My Wild Day really wasn’t today as I was wrestling with bandages and First Aid acronyms for the whole day until getting home this evening. On days like this having a wildlife garden allows me to get my infusion of the wild, luckily the sun came out this evening and brought out a few insects.
However I have got ahead of myself, I did get a little bit of wildlife in before I went out this morning, thanks to the moth trap. The night was quite warm and the moth catch included a good range of species, the pick being a figure of eighty, although in this picture it looks more like a figure of zero eight.
Of course if it was pinned in a box as a specimen, as the moth collectors would have done, it would have looked like “80” on this, the left wing and “08” on the right.
Apart from a few swift that flew over when we were doing our outdoor practical first aid I saw almost no other wildlife until I got home. There are lots of flowers out now, both in the meadow and in the border and the evening sun brought out a variety of insects in search of food. There were a good few hoverflies including several Eupeodes corollae, one of the commonest black and yellow species.
The males have rather square spots and the females comma shaped ones. In most hoverflies the males have much larger eyes that meet on the top of their heads, this gives them something close to all-round vision, no doubt helping them to find females.
I have several dame’s violet plants in the garden and they are popular with a lot of insects and attracted the evening’s only butterfly, a rather worn holly blue. Their larvae feed on holly as the name suggests, but also ivy and sometimes dogwood and have two broods each year.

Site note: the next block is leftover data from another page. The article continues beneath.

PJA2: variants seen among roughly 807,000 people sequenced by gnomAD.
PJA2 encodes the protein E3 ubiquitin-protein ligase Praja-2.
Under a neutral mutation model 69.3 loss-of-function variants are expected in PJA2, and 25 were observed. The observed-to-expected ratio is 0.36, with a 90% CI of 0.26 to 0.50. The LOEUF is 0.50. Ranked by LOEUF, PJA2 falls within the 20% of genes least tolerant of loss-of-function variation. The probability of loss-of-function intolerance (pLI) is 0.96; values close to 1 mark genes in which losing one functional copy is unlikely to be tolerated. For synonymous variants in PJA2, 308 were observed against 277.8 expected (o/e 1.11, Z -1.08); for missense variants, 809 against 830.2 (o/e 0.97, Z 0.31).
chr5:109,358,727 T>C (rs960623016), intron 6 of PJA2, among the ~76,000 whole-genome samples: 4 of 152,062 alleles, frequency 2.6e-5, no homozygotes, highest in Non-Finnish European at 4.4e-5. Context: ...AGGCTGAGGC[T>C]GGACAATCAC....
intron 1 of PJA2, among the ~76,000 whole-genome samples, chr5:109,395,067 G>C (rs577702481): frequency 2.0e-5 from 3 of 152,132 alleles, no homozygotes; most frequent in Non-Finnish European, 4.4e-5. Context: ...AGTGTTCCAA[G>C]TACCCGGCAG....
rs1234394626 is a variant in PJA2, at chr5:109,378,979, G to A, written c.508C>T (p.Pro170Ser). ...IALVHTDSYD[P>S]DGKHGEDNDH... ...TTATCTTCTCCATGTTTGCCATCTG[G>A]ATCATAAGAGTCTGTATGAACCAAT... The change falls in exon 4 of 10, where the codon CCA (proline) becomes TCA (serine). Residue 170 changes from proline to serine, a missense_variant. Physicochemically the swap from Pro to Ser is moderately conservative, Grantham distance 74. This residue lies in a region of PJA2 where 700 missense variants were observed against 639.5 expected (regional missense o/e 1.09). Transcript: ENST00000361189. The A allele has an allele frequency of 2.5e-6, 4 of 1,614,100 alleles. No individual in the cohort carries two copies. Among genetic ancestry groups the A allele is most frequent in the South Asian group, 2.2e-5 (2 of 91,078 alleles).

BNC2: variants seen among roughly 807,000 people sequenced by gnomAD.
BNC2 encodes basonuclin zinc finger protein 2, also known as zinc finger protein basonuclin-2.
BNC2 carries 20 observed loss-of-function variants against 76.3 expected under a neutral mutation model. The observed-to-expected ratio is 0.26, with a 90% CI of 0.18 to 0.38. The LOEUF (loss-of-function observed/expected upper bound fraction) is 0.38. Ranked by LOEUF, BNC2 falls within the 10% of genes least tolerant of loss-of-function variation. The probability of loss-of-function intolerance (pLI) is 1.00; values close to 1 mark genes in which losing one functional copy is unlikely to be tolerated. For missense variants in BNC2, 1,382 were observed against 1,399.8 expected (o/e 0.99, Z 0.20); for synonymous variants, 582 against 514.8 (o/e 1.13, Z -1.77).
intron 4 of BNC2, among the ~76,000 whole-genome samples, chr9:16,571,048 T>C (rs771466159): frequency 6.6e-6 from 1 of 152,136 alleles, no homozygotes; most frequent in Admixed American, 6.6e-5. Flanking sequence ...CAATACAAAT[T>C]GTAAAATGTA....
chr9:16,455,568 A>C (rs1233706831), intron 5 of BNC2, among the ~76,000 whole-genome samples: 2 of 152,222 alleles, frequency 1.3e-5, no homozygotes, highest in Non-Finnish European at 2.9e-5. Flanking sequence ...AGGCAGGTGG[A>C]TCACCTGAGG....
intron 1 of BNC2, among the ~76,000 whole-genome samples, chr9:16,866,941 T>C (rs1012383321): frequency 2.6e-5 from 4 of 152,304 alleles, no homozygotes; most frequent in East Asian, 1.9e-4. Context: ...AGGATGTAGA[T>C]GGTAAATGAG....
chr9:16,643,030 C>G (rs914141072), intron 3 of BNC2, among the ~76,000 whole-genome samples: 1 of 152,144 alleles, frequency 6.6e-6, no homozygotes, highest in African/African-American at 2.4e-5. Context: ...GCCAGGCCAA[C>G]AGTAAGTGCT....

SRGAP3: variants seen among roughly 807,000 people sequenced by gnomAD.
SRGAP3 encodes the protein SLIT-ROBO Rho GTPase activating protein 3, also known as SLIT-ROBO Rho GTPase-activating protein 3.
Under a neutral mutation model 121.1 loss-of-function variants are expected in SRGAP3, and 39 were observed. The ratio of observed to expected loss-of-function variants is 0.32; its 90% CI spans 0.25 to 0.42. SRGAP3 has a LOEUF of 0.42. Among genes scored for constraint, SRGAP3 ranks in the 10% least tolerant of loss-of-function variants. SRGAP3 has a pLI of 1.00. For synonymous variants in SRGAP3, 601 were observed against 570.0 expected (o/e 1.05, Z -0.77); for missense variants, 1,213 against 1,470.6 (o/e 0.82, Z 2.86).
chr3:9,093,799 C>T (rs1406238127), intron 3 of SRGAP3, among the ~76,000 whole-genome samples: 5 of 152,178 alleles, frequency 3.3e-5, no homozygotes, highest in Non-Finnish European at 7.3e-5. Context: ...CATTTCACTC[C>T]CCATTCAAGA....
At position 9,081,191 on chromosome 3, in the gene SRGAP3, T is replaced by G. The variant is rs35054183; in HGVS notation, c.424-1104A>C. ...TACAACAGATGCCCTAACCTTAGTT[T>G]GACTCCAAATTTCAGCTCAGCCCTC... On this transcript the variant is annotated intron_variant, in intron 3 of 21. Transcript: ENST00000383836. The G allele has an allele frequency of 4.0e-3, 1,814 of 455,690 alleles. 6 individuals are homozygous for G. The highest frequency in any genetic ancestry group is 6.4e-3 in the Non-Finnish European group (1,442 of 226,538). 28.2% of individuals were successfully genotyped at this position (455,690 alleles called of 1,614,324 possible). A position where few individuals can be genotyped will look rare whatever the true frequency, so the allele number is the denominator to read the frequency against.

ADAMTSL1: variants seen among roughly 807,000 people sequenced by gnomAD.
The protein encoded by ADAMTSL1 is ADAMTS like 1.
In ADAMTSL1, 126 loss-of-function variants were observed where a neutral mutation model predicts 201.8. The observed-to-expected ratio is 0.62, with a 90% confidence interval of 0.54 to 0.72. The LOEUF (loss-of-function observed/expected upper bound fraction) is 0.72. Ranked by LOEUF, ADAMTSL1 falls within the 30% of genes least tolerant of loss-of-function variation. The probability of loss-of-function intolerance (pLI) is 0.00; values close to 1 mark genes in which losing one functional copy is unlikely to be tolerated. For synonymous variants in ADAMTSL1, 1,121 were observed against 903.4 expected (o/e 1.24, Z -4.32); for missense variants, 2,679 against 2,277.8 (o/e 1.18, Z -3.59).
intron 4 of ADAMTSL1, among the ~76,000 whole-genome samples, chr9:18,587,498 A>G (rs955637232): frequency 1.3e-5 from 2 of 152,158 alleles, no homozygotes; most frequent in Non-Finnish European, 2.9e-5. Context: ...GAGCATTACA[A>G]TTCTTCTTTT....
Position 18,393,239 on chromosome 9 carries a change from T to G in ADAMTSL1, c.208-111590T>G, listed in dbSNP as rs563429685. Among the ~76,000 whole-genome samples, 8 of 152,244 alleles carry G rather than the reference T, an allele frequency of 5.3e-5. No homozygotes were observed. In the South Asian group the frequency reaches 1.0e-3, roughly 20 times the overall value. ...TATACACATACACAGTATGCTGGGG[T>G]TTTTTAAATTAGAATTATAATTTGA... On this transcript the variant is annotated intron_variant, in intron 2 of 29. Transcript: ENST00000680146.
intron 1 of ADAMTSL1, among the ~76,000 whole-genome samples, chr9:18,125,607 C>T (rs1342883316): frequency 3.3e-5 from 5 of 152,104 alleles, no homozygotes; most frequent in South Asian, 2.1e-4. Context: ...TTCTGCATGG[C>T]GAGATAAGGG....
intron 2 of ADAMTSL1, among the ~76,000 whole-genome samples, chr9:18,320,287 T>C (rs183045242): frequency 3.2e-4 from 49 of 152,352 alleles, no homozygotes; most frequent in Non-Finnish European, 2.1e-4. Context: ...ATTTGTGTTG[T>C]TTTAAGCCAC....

All the rest of the evening’s wildlife was in the meadow so………………..
What’s in My Meadow Today?
The meadow is flowering well now and in the mix there are a few ox-eye daisy, not really a typical hay meadow plant, but it can be common in places such as road verges if the mowing regime is not too severe.
I am pretty sure the tiny beetle is a varied carpet beetle, they do not always live in houses subsisting on best Wilton.
I also spotted a tiny hoverfly resting on the end of a grass stem, it was Syritta pipiens.
Despite being very small it is distributed across virtually the entire northern temperate zone from Ireland to the far east and across North America, where it probably arrived as an accidental introduction.
Rather more striking was the single soldier-fly I saw, a common species but always nice to see, the broad centurion Chloromyia formosa.
Again it is easy to see this is a male as almost the entire head is taken up with the eyes.